Enron, WorldCom, Tyco, Xerox, Adelphia, Global Crossing contained numerous ethical decisions for each of these groups and most of the public would agree that the system failed. Arthur Andersen, historically one of the most stalwart and conservative of the international CPA firms, was deemed to have failed in fulfilling their responsbility to protect the public in multiple cases of fraud and mismanagement. Two of the four largest remaining international CPA firms - KPMG and Ernst & Young have been fighting charges of developing and promoting tax shelters that have put into question the role of accounting firms in today's society.

So I ask, "Are the ethical failures highlighted by these cases much different from the critical ethical dilemmas now facing our society in general?

The Institute of Global Ethics, a Maine-based think tank, organized to promote ethical behavior in individuals, institutions, and nations through research, public discourse, and practical action recently published their Top 10 Ethics Stories of 2005"

These stories include issues that range from government corruption to the right-to-die to massive financial fraud to decisions that result in people physically suffering or dying. In other words, they did not draw a distinction between business ethics and the ethics we face in everyday life. The issues and decision making strategies we make in our personal life and in our business life are similar. That is why I often integrate life issues with business issues when I teach ethics in my accounting ethics classes and courses.

I found it of particular interest that they selected the issue of torture as the number one ethics story for 2005. For the past year I have led off my accounting ethics class with the following case study.

What is Ethical?

The year is 1983. You are a high ranking US intelligence officer. There has been substantial “chatter” that a terrorist attack will take place in the next 24 hours. You hear this from your electronic listening methods as well as your human intelligence sources. You have captured suspected terrorists in your prisons, some of which have been captured during the past 72 hours. Officially, the US abides by the rules of the Geneva Convention. In view of the imminent danger to innocent lives, what methods of interrogation would you use?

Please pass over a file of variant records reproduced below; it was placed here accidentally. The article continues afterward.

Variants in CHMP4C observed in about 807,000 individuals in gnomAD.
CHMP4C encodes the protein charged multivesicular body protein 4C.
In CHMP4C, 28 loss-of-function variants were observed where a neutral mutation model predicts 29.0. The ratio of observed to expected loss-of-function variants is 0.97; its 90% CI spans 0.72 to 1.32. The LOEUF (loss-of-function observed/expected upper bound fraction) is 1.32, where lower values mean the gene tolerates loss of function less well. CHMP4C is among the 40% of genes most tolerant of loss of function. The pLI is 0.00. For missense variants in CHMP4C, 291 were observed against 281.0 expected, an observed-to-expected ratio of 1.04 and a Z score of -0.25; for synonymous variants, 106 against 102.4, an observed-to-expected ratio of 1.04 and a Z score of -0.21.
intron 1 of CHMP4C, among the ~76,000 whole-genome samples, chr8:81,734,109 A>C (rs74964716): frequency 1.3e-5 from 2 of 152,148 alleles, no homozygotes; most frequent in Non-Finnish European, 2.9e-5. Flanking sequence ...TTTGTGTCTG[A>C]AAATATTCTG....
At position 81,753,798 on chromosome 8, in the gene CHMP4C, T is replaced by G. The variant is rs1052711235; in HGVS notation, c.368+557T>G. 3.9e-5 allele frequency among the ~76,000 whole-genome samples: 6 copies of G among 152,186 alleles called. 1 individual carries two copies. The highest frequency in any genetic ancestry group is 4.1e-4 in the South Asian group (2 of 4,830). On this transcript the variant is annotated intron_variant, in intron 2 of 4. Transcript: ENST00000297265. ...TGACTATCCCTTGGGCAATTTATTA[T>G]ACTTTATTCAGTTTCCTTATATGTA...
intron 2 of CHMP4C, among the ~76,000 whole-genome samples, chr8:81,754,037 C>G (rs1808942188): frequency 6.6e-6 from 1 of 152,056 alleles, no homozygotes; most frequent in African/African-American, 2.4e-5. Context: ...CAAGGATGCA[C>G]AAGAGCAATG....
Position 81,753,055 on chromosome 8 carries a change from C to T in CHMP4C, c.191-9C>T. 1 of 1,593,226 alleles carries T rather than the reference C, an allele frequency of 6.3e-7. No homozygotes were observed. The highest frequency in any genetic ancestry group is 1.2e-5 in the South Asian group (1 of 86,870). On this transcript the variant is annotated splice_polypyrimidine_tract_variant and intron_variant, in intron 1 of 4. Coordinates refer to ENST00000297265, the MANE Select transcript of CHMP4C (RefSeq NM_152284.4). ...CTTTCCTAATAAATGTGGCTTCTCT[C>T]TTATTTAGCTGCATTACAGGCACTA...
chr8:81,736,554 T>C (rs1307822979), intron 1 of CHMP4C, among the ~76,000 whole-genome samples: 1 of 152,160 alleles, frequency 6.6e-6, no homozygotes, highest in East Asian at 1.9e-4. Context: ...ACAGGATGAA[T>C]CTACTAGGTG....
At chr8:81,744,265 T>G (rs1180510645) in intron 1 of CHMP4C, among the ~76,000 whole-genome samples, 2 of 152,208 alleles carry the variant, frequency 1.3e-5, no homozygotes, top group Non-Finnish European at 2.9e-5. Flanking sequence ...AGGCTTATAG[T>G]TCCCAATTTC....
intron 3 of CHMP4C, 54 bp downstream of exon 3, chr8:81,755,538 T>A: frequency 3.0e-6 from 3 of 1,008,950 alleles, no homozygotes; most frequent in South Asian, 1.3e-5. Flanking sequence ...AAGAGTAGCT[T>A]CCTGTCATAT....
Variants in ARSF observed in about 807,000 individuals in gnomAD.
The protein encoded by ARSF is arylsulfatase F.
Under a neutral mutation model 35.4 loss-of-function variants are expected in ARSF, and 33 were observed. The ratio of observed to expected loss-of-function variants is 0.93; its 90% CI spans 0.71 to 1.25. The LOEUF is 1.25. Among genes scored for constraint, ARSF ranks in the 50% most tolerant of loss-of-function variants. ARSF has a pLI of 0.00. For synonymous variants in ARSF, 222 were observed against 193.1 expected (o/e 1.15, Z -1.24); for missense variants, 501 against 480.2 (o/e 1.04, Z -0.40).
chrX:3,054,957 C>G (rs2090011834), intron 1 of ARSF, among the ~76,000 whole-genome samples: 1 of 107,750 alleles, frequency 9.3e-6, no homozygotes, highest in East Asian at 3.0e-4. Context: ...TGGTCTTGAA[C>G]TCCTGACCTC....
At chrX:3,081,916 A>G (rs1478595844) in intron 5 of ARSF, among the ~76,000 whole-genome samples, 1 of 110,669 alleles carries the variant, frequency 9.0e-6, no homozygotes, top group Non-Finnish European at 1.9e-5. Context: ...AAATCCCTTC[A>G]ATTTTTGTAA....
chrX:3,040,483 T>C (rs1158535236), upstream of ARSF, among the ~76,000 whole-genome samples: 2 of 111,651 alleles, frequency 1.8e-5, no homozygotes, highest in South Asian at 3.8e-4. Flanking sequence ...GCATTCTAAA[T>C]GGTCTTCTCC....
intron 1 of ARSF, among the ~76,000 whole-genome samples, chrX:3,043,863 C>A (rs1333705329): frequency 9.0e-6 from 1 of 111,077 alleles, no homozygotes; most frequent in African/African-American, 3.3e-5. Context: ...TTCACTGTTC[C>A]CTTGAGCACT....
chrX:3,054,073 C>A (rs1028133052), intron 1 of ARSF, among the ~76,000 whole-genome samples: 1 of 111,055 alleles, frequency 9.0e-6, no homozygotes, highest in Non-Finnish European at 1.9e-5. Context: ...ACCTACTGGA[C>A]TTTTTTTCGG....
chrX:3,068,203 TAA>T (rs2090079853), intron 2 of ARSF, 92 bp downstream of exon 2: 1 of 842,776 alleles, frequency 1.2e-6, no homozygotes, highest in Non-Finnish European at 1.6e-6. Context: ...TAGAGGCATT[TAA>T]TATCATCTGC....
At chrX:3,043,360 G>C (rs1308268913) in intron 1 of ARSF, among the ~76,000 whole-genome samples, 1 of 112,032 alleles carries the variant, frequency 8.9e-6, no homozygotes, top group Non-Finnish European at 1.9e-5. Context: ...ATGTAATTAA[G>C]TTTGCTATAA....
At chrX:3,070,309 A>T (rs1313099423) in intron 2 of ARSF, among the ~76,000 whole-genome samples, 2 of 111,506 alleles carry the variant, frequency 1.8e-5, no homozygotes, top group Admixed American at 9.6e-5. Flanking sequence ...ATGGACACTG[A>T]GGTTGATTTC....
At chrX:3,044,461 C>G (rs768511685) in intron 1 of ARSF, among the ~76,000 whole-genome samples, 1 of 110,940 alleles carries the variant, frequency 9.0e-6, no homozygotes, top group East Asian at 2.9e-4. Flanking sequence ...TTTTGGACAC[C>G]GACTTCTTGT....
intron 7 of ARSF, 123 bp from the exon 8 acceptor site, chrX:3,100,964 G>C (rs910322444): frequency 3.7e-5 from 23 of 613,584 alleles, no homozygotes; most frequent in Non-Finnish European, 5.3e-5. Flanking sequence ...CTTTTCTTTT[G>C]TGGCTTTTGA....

About 12 hours later, a key ally's intelligence raids a hotel just inside Lebanon and provides you with a captured suspected terrorist. The papers captured with the terrorist provide strong indications that the original chatter was correct and that the terrorist act will take place against a US facility in the next 12 hours.

You conduct your interrogations of the prisoners and the captured suspected terrorist in accordance with the Geneva Convention and US policy, which do not include torture or humiliation (including the kinds we saw at the Abu Ghraib prison); nor do you ask any of your allies to conduct the interrogations for you, since many don’t have the same restrictions you do. Twelve hours later, bombs go off in a US army barracks in Lebanon killing 241 soldiers.

Questions for Discussion

As you read through each of these paragraphs, did your views change as to what decision you would make?

How did you reconcile your decision with public policy?

How did you justify your decision with your own ethical beliefs?

Do you believe that the violation of one person's rights destroys the rights of everyone?

Ultimately, have you made the most ethical decision?

Finally, if you were faced with an ethical decision that conflicts with your personal belief of what is right and wrong, but could protect the life (or the financial well being) of one person, what would you do? Would your decision change if the number of persons saved were in the hundreds or thousands?

I have added a comment feature for this posting. Feel free to post your comments as to how you would deal with this difficult ethical issue.